Monthly Archives: March 2020

Las Vegas Casinos Look to Reopen in May

The big question in Las Vegas at the moment is, “When will the casinos open again?”

The other big question is, “Did you know a roulette table could have 10 zeroes and still have better odds than live keno?”

Let’s focus on the first question, though. (See the bottom of this blog post for updates.)

The answer to “When will Las Vegas casinos reopen?” is “Nobody knows for sure.” That answer would make for a very short blog post, so let’s forge ahead.

Las Vegas is having a moment

Understatement of the year.

The coronavirus shutdown in Las Vegas has been brutal, of course. Nevada Governor Steve Sisolak shut down casino resorts on March 17, 2020.

Update (5/7/20): The shut down was extended through May 15, but the Governor now says “phase one” of the reopen will start May 9, 2020. Casinos are not part of phase one.

The casinos are looking to a number of sources to determine when they might reopen, including public officials, medical experts and, not surprisingly, each other.

Governor Sisolak said the decision to reopen will “strictly be based on medical decisions, medical guidance and statistics.”

We called May 1 the over/under reopening date early on, and took a poll to see what vibe laypersons are experiencing.

When Las Vegas casinos open

In Vegas, everyone ends up on the poll.

We took the “under,” but the term that’s become ubiquitous lately is “fluid,” meaning nothing is certain, especially during very uncertain times.

No matter how the Vegas reopening timeline unfolds, there won’t be a lot of celebrating as Sin City is going to look like a shadow of its former self. (Although, we’ve been advocating a big Grand Reopening Bash celebration at some point down the road. Memorial Day on May 25 could fit the bill.)

Demand won’t instantly come flooding back, even if concerns about coronavirus subside. That means casino resorts will reopen in a phased approached, based upon demand.

Our vote is for casinos to open first, then hotels, restaurants and bars. There were rolling closures when the resorts closed, so there’s likely to be “rolling openings” as well.

Shows are going to continue to face challenges, as venues where large crowds gather, like theaters, will probably remain closed the longest. This is rough news for independent productions in town, but agonizing news for our beloved Cirque du Soleil, as the company is reportedly on the verge of bankruptcy.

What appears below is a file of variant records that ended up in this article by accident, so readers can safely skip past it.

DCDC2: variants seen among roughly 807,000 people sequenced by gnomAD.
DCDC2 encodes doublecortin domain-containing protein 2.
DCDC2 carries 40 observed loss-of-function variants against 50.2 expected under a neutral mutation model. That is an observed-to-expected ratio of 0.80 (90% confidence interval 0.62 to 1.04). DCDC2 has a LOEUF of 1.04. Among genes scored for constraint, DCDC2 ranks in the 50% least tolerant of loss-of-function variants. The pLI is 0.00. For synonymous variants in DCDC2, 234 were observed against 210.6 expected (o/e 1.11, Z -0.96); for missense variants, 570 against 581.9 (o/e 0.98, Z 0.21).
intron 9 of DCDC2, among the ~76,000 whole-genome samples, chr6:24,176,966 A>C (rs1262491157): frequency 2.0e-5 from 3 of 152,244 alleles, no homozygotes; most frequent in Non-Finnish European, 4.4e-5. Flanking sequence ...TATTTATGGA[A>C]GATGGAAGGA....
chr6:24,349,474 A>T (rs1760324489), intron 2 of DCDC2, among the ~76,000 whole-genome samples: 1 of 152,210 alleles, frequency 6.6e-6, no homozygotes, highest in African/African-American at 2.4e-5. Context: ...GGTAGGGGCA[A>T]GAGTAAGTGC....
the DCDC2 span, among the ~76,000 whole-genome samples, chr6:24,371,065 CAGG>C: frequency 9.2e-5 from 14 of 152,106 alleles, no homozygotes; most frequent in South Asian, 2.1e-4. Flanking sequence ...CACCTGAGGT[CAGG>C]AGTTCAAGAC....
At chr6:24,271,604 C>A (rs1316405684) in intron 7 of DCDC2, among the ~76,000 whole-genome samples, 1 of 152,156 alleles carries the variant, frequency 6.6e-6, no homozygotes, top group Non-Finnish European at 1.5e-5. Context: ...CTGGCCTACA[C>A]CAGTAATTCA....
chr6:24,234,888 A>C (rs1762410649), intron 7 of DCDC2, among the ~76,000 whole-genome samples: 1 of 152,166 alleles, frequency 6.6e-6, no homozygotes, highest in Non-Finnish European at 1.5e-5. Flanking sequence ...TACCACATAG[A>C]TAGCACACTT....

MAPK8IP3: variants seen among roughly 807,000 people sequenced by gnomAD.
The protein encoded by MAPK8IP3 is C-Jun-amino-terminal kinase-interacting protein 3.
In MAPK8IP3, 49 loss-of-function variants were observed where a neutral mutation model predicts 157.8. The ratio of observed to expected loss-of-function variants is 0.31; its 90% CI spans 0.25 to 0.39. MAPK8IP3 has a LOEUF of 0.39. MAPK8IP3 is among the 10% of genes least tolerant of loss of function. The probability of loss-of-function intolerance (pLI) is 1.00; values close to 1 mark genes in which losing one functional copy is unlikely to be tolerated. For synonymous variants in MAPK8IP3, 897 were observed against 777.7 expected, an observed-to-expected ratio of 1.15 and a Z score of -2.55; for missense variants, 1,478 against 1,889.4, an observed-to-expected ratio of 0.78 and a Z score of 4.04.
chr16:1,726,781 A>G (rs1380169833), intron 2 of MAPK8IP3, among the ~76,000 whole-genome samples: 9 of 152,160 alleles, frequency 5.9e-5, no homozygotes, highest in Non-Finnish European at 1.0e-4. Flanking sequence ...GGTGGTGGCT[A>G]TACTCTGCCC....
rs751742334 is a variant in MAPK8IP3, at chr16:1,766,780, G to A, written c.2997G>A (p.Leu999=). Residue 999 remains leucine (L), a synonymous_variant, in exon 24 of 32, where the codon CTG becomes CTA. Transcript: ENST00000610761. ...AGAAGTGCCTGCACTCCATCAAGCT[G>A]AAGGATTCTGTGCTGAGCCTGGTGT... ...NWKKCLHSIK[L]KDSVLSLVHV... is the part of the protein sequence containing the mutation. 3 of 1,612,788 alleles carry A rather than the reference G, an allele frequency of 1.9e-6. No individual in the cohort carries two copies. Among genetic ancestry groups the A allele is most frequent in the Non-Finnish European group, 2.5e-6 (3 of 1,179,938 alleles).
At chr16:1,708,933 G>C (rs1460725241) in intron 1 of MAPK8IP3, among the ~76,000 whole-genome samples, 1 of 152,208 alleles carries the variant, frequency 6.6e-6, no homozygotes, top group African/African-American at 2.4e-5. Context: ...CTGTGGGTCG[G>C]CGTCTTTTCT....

The basics of social distancing will become a part of Las Vegas in the foreseeable future, no matter when casino doors open again.

We’ve heard from several sources resort employees will be called back to their jobs two weeks before the casinos open again, so that will give us all a heads up efforts to reopen are underway in earnest.

A visible change will be the phasing out of a time-honored Vegas tradition, buffets. At least two venues have buffets that won’t be coming back. Closed permanently are the buffets at TI (Corner Market Buffet) and Golden Nugget (The Buffet). The closure of Golden Nugget’s buffet is unrelated to current events, from what we understand.

The Bayside Buffet at Mandalay Bay is also rumored to be closing permanently.

The debate about when Las Vegas resorts should reopen rages on, especially in social media. Due to the shutdown, people have a lot of time to express their opinions on the subject, and opinions run the gamut.

What’s clear is we need to find a way forward, not just in Las Vegas but the country. We are going to have to make some collective decisions, based upon facts, not fear.

Our over/under date of May 1 seems a fair balance of concerns about public health and the reality we can’t implode our economy in an attempt to save every life.

Here’s one of the more thoughtful articles we’ve found grappling with this subject.

Our future is fraught with impossible decisions we’re thrilled we don’t have
to make.

Update (3/29/30): The federal government has extended social distancing guidelines to April 30, 2020. It’s unknown what impact that might have on the planned reopening of Las Vegas casinos. TheĀ guidelines, issued by the Centers for Disease Control and Prevention, are voluntary.

Update (4/1/20): Governor Steve Sisolak has issued a “Stay at Home” directive and extended closures of non-essential businesses (including casinos) to April 30, 2020. Unless something changes, Las Vegas casinos will be reopening May 1, 2020.

Update (4/19/20): Wynn Resorts is the first to release its reopening plan and policies. The company’s document suggests a mid- to late-May reopening for Nevada businesses, with myriad new sanitizing and other policies. Read more.

Update (4/24/20): Caesars Entertainment has changed its reservation system to take bookings from May 15, 2020. Several other casinos have shifted their reopen target dates as well: TI and Circus Circus, as well as Cosmopolitan, are taking reservations for May 15. Boyd Gaming (including Orleans, Gold Coast, Fremont, Main Street, California and others) are also booking May 15. Wynn and Encore have announced May 22. MGM Resorts has informed its reservations team the target date for reopen is June 1, 2020. In other news, Clark County’s wedding license bureau is reopening April 27.

Update (4/30/20): Governor Sisolak has extended Nevada’s stay-at-home order to May 15, 2020.

Update (5/7/20): Governor Sisolak says “phase one” reopening starts May 9, 2020. Businesses permitted to reopen (with restrictions) include restaurants, barber shops, hair and nail salons, retail stores and retail cannabis stores. All businesses are required to have employees wear masks during phase one. Get the latest news about when Las Vegas will be reopening.